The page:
Iranians may be suffering the embarrassment of being barred from the hajj this year, but on the battlefield it is Tehran’s senior military officers and their allies fighting for Syria’s President Bashar al-Assad who are poised for victory against the Saudi-backed Syrian rebels in the five-year civil war.

The prelude to a cease fire announced on Friday by United States Secretary of State John Kerry and Russian Foreign Minister Sergey Lavrov offers a slim sliver of hope. But the central strand of the Washington/Moscow accord is an agreement to co-ordinate their own attacks on the terrorist Islamic State group and the Nusra Front, which is allied to al-Qaida. It is not immediately obvious what benefits the deal offers the Assad regime and its Iranian backers or the Saudi-supported moderate rebels. Even less apparent is what pressure either Moscow or Washington can put on their factions to enforce a cease fire.

The rebel hold on Aleppo, Syria’s largest city and commercial hub, began to slip a year ago when Russia intervened on Assad’s side and backed the regime’s ground forces with its airforce. Since then the Saudi-backed rebel forces and Aleppo’s remaining civilian population have suffered slow strangulation as one after another of the supply routes into the city were cut off by the encircling regime troops.

This week the pro-Assad forces captured the Alramousa Road, the last supply route into the rebel-held areas of Aleppo. It is clear the regime’s coalition is preparing for a final assault on the city, and it seems highly unlikely that the rebels will be able to hold out.

The recapture of Aleppo by the pro-Assad forces will not be the end of the five-year civil war. Rebels still hold other territory, the Kurds control large areas along the northern border with Turkey and the terrorists of the Islamic State group are still well entrenched in the desert regions on both side of the eastern border with Iraq. But the collapse of the rebellion in Aleppo will put most of the Syrian economic heartland – or what remains of it – back in the regime’s hands and almost ensure that Bashar al-Assad himself survives whatever ceasefire process finally ends this calamity.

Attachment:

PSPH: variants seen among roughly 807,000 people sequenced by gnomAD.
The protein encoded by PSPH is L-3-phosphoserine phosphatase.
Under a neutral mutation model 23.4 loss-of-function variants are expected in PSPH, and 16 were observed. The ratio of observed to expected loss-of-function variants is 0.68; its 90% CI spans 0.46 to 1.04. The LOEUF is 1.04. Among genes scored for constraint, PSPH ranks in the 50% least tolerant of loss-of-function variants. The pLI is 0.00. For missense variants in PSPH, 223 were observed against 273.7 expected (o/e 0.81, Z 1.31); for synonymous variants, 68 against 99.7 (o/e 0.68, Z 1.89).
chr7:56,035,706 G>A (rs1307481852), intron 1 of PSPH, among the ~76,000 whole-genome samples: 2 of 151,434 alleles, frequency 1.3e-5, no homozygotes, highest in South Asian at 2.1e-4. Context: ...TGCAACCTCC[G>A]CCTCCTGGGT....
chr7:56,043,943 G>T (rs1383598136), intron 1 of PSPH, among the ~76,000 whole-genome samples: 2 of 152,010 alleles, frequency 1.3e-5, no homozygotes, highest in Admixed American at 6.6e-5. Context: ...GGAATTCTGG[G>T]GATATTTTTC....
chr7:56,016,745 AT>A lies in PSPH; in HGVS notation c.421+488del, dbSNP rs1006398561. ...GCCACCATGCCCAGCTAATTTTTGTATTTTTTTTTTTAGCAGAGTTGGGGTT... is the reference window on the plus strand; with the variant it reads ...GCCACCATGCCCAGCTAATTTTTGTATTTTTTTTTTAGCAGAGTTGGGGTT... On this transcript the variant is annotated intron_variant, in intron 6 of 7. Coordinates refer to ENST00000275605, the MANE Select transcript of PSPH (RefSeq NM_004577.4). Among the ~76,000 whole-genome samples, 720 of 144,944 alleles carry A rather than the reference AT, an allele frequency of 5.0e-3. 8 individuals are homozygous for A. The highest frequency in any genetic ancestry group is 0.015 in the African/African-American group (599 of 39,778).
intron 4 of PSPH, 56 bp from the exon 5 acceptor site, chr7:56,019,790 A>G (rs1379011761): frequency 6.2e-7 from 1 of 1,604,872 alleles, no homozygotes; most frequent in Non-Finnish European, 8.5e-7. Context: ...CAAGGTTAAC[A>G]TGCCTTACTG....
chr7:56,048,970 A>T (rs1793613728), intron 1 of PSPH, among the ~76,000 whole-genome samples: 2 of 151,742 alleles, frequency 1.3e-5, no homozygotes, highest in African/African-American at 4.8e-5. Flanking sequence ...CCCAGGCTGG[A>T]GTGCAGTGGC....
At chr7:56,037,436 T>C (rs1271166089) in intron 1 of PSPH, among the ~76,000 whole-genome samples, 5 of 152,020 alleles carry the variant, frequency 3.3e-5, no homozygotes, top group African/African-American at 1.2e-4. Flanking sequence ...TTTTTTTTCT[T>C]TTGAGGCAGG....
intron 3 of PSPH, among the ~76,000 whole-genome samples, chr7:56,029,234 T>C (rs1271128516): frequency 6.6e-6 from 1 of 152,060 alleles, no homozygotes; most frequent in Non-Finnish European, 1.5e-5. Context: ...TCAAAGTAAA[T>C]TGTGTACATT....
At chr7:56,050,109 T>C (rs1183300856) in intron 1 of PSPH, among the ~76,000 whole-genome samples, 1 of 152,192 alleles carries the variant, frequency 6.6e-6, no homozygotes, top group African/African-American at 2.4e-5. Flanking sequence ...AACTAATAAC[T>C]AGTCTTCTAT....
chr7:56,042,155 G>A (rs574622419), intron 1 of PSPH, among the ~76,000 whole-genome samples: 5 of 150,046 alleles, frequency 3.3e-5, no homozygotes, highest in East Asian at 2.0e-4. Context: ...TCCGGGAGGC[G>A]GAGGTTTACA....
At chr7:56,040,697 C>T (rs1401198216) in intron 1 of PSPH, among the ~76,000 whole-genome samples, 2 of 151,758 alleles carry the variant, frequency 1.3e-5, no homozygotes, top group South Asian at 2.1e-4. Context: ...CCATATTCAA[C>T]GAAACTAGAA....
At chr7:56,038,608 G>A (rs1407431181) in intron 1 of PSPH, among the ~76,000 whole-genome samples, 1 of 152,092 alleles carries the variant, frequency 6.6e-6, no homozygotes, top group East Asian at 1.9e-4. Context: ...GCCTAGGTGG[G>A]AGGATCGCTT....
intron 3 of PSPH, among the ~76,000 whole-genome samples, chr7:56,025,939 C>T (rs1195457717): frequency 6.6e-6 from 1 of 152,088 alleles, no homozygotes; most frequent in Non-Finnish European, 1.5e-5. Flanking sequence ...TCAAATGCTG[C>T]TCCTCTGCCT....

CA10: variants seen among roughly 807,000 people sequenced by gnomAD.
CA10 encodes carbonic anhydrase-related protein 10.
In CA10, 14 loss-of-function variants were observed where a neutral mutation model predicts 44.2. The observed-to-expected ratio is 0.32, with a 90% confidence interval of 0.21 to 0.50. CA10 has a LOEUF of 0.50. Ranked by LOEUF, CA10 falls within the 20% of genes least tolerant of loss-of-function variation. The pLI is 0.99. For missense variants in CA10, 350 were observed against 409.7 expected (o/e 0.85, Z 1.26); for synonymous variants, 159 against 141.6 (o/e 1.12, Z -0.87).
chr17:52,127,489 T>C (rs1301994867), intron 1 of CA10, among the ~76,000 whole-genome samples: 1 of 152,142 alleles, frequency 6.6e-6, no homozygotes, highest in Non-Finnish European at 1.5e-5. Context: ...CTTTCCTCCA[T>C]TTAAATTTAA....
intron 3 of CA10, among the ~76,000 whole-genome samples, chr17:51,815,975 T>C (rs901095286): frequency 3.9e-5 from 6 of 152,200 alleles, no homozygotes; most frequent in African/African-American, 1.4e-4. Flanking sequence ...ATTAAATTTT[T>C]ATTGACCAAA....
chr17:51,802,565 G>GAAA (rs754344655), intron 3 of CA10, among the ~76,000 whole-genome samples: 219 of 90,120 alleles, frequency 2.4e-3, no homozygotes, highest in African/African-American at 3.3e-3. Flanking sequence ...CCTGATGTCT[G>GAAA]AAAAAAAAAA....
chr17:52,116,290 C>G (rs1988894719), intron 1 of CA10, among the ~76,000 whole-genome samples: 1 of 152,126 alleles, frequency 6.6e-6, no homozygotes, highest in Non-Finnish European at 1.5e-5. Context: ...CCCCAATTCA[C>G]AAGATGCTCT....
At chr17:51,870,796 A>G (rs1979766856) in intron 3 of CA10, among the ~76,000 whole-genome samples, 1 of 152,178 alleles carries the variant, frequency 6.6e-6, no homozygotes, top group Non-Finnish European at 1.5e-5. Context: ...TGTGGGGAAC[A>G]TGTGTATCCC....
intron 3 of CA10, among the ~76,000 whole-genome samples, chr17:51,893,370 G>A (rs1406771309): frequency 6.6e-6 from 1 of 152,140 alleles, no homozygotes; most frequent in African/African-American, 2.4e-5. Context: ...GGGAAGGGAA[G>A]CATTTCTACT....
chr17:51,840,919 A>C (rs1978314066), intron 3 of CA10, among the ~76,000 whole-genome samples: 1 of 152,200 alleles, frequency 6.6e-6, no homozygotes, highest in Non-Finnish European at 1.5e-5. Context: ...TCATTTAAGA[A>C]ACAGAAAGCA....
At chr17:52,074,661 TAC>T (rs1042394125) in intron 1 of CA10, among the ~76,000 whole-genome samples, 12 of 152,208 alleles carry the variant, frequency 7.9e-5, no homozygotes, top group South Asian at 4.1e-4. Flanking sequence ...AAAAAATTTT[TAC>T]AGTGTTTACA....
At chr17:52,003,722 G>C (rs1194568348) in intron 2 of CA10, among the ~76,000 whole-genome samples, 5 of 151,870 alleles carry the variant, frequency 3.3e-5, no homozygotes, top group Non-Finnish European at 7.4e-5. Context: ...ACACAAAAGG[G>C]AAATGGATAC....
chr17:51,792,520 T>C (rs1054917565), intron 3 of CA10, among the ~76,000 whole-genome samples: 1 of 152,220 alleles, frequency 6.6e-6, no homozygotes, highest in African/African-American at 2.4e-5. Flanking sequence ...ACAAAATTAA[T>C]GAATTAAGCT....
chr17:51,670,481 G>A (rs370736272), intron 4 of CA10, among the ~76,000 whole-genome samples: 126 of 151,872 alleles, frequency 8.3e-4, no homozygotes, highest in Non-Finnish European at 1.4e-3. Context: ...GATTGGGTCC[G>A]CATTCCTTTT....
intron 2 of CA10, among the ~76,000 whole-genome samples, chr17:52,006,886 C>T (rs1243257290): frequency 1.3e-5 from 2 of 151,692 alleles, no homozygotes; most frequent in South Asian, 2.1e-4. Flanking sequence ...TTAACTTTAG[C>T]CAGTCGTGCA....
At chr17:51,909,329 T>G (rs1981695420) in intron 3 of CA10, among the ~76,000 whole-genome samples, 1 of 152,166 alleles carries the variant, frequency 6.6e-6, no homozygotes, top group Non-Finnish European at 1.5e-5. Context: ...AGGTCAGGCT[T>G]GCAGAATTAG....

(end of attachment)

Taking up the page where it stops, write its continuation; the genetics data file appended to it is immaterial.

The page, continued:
And Iran’s reputation, influence and power in the Middle East will rise along with Assad’s survival. Saudi Arabia will suffer the ignominy of failure to adequately support the Syrian rebels at a time when it is also bogged down in the civil war in Yemen. The intervention in Yemen ordered by Saudi Arabia’s young heir to the throne and defence minister, Prince Mohammed bin Salman, is not going well. The Saudi forces have failed to roll back the advance by Houthi rebels, who are backed by Iran. The partition of Yemen now seems likely.

Iran signalled on Tuesday that it feels confident that it has the upper hand over Saudi Arabia. Several Middle Eastern news outlets published pictures of Iranian General Qassem Soleimani inspecting pro-Assad forces in and around Aleppo during the preparations for the assault on the last rebel hold-outs in the city.

Gen. Soleimani is among the most potent military commanders in the Middle East at the moment. He is the leader of Iran’s elite foreign operations troops, the Quds Force of Iran’s Islamic Revolutionary Guards Corps, which is the mainstay of the regime of Supreme Leader Ayatollah Ali Khamenei.

There has been a significant change in the make-up of the forces under Gen. Soleimani’s command in recent months after the Quds Force suffered significant losses, especially among officers, who take pride in leading their troops from the front. To counter rising public indignation in Iran at the death toll, more reliance is being put on Iran’s allied and proxy forces. Among the many thousands of troops under Gen. Soleimani’s command are large contingents of fighters of Hezbollah, the Iranian trained and funded militias from neighbouring Lebanon. He also has about 8,000 fighters from Harakat al Nujaba from Iraq, and others from even further afield. There are contingents from the Afghan Fatemiyoun and the Pakistani Zeynabiyoun.

Some military analysts see in this multi-national composition of the Quds Force the development of a foreign legion by Iran that it may use widely throughout the Middle East to serve its perceived interests. It is evident that since Tehran signed an agreement last year with the United Nations and the five permanent members of the UN Security Council – the United States, China, Russia, France and the United Kingdom – plus Germany to open its nuclear development program to inspection it has become more active in the region. The removal of economic sanctions and the lifting of diplomatic isolation have given Tehran the confidence and assets to pursue its interests without fear of serious diplomatic repercussions, especially from Washington.